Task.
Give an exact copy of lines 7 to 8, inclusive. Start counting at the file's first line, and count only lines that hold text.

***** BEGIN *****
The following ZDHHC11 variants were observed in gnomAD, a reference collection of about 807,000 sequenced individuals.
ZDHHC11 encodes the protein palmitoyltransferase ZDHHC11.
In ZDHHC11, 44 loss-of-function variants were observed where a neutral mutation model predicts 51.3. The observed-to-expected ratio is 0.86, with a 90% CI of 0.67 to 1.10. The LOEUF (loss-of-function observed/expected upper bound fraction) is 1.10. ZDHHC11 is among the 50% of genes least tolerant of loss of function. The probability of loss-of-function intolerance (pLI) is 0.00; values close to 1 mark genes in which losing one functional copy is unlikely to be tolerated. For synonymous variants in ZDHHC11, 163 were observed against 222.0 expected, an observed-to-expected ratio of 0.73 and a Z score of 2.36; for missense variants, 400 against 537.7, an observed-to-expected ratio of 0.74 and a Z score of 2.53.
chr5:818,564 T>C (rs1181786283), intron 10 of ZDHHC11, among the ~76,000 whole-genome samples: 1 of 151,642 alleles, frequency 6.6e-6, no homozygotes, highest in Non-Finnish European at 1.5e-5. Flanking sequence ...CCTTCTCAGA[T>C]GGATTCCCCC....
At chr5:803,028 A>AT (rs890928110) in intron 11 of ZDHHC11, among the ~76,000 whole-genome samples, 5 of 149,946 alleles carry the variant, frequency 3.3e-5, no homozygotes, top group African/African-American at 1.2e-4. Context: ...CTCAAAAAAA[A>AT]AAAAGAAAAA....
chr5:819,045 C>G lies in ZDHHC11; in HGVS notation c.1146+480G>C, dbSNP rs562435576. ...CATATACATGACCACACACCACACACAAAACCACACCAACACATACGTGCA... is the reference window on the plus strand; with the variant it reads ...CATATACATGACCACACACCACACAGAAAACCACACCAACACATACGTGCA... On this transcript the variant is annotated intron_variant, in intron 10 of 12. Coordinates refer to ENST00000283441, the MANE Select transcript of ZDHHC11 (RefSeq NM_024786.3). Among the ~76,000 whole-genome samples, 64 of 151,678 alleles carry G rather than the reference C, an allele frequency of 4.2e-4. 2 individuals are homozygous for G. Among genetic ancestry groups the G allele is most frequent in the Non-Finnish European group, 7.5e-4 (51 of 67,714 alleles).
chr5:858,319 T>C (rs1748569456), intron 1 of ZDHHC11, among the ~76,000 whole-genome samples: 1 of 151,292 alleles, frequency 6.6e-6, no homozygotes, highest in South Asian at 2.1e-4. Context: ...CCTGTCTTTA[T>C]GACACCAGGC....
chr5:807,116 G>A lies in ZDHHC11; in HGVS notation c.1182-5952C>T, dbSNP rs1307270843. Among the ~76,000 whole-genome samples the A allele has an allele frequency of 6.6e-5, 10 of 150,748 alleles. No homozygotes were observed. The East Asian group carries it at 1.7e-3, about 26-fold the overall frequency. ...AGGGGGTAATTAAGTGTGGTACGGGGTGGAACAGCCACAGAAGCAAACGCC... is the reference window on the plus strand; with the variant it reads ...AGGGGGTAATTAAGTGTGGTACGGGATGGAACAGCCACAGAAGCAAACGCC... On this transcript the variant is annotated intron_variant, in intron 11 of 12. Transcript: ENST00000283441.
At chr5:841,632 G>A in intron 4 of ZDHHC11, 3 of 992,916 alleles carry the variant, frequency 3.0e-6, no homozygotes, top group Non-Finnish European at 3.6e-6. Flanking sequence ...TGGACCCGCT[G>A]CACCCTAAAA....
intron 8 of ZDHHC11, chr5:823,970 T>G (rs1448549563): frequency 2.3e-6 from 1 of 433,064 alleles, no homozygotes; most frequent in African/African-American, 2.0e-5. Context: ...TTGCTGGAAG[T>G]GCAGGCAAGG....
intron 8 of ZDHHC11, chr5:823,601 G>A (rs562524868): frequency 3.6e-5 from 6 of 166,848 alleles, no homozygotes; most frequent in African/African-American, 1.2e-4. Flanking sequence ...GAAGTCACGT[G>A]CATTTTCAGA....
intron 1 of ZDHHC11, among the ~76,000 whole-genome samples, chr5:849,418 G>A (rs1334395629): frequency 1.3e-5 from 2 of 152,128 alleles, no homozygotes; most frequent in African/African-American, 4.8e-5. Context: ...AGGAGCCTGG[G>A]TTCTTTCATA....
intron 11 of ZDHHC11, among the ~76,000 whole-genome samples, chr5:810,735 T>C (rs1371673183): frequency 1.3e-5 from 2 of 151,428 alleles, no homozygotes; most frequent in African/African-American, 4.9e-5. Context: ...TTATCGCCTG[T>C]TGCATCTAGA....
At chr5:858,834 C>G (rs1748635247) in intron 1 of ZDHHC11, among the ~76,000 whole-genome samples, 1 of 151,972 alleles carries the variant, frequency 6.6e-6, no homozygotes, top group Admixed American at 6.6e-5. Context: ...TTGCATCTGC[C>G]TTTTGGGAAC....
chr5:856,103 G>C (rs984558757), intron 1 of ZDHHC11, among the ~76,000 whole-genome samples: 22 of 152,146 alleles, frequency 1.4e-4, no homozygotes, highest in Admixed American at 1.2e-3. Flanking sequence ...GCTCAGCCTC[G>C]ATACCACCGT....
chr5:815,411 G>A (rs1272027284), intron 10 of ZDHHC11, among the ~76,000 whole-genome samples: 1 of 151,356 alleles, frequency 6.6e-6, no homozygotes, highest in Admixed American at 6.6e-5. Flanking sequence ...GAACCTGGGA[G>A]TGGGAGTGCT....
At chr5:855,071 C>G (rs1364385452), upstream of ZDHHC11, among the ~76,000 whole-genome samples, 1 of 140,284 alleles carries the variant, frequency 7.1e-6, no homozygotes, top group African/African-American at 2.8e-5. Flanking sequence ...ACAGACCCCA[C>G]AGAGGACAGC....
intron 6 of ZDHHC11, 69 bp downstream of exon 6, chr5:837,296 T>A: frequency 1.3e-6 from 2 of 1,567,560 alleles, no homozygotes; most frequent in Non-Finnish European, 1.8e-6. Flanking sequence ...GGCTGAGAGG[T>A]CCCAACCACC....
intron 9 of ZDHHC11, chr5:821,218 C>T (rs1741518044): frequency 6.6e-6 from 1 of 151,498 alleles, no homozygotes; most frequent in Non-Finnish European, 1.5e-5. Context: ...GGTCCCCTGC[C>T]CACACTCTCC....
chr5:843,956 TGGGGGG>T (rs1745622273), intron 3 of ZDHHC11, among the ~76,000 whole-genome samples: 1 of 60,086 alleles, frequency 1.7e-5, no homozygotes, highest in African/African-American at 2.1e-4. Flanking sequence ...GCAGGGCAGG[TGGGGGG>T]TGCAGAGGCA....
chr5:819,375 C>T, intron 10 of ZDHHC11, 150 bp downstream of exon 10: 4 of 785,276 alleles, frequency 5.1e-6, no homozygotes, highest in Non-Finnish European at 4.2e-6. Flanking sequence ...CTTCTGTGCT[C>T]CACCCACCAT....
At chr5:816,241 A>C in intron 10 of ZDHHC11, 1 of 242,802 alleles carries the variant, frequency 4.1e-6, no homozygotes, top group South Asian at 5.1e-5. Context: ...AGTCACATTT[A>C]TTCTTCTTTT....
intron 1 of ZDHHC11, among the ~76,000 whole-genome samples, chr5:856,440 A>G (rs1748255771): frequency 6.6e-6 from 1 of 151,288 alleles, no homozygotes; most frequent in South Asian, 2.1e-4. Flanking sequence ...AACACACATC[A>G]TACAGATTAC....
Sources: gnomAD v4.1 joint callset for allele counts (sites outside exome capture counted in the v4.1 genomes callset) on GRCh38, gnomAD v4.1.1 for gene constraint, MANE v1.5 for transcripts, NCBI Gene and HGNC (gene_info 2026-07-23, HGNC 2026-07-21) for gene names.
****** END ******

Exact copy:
chr5:858,319 T>C (rs1748569456), intron 1 of ZDHHC11, among the ~76,000 whole-genome samples: 1 of 151,292 alleles, frequency 6.6e-6, no homozygotes, highest in South Asian at 2.1e-4. Context: ...CCTGTCTTTA[T>C]GACACCAGGC....
chr5:807,116 G>A lies in ZDHHC11; in HGVS notation c.1182-5952C>T, dbSNP rs1307270843. Among the ~76,000 whole-genome samples the A allele has an allele frequency of 6.6e-5, 10 of 150,748 alleles. No homozygotes were observed. The East Asian group carries it at 1.7e-3, about 26-fold the overall frequency. ...AGGGGGTAATTAAGTGTGGTACGGGGTGGAACAGCCACAGAAGCAAACGCC... is the reference window on the plus strand; with the variant it reads ...AGGGGGTAATTAAGTGTGGTACGGGATGGAACAGCCACAGAAGCAAACGCC... On this transcript the variant is annotated intron_variant, in intron 11 of 12. Transcript: ENST00000283441.